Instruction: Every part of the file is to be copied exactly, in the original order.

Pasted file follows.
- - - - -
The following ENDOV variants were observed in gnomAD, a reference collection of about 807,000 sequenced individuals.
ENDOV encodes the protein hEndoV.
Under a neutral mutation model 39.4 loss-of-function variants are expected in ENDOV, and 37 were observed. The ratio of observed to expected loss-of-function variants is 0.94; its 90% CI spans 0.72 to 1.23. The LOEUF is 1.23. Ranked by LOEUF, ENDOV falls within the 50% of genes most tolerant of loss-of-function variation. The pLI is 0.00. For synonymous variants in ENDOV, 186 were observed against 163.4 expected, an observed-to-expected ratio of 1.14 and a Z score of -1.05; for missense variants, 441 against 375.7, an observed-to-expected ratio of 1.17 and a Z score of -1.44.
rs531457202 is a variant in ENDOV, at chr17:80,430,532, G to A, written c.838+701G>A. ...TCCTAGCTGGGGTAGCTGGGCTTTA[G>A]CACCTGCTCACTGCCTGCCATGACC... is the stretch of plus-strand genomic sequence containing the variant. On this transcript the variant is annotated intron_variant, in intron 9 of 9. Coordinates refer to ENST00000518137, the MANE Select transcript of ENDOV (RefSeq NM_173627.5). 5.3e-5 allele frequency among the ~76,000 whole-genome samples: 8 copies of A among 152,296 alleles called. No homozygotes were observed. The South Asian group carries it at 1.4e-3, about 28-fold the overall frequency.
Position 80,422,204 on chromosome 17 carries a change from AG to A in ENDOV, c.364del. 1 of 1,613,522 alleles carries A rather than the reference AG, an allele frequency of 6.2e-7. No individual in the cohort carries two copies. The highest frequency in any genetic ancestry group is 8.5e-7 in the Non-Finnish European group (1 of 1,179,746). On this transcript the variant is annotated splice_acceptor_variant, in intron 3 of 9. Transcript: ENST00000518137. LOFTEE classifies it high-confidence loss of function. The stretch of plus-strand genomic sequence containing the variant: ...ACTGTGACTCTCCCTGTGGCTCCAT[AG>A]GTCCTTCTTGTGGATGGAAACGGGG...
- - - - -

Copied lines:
The following ENDOV variants were observed in gnomAD, a reference collection of about 807,000 sequenced individuals.
ENDOV encodes the protein hEndoV.
Under a neutral mutation model 39.4 loss-of-function variants are expected in ENDOV, and 37 were observed. The ratio of observed to expected loss-of-function variants is 0.94; its 90% CI spans 0.72 to 1.23. The LOEUF is 1.23. Ranked by LOEUF, ENDOV falls within the 50% of genes most tolerant of loss-of-function variation. The pLI is 0.00. For synonymous variants in ENDOV, 186 were observed against 163.4 expected, an observed-to-expected ratio of 1.14 and a Z score of -1.05; for missense variants, 441 against 375.7, an observed-to-expected ratio of 1.17 and a Z score of -1.44.
rs531457202 is a variant in ENDOV, at chr17:80,430,532, G to A, written c.838+701G>A. ...TCCTAGCTGGGGTAGCTGGGCTTTA[G>A]CACCTGCTCACTGCCTGCCATGACC... is the stretch of plus-strand genomic sequence containing the variant. On this transcript the variant is annotated intron_variant, in intron 9 of 9. Coordinates refer to ENST00000518137, the MANE Select transcript of ENDOV (RefSeq NM_173627.5). 5.3e-5 allele frequency among the ~76,000 whole-genome samples: 8 copies of A among 152,296 alleles called. No homozygotes were observed. The South Asian group carries it at 1.4e-3, about 28-fold the overall frequency.
Position 80,422,204 on chromosome 17 carries a change from AG to A in ENDOV, c.364del. 1 of 1,613,522 alleles carries A rather than the reference AG, an allele frequency of 6.2e-7. No individual in the cohort carries two copies. The highest frequency in any genetic ancestry group is 8.5e-7 in the Non-Finnish European group (1 of 1,179,746). On this transcript the variant is annotated splice_acceptor_variant, in intron 3 of 9. Transcript: ENST00000518137. LOFTEE classifies it high-confidence loss of function. The stretch of plus-strand genomic sequence containing the variant: ...ACTGTGACTCTCCCTGTGGCTCCAT[AG>A]GTCCTTCTTGTGGATGGAAACGGGG...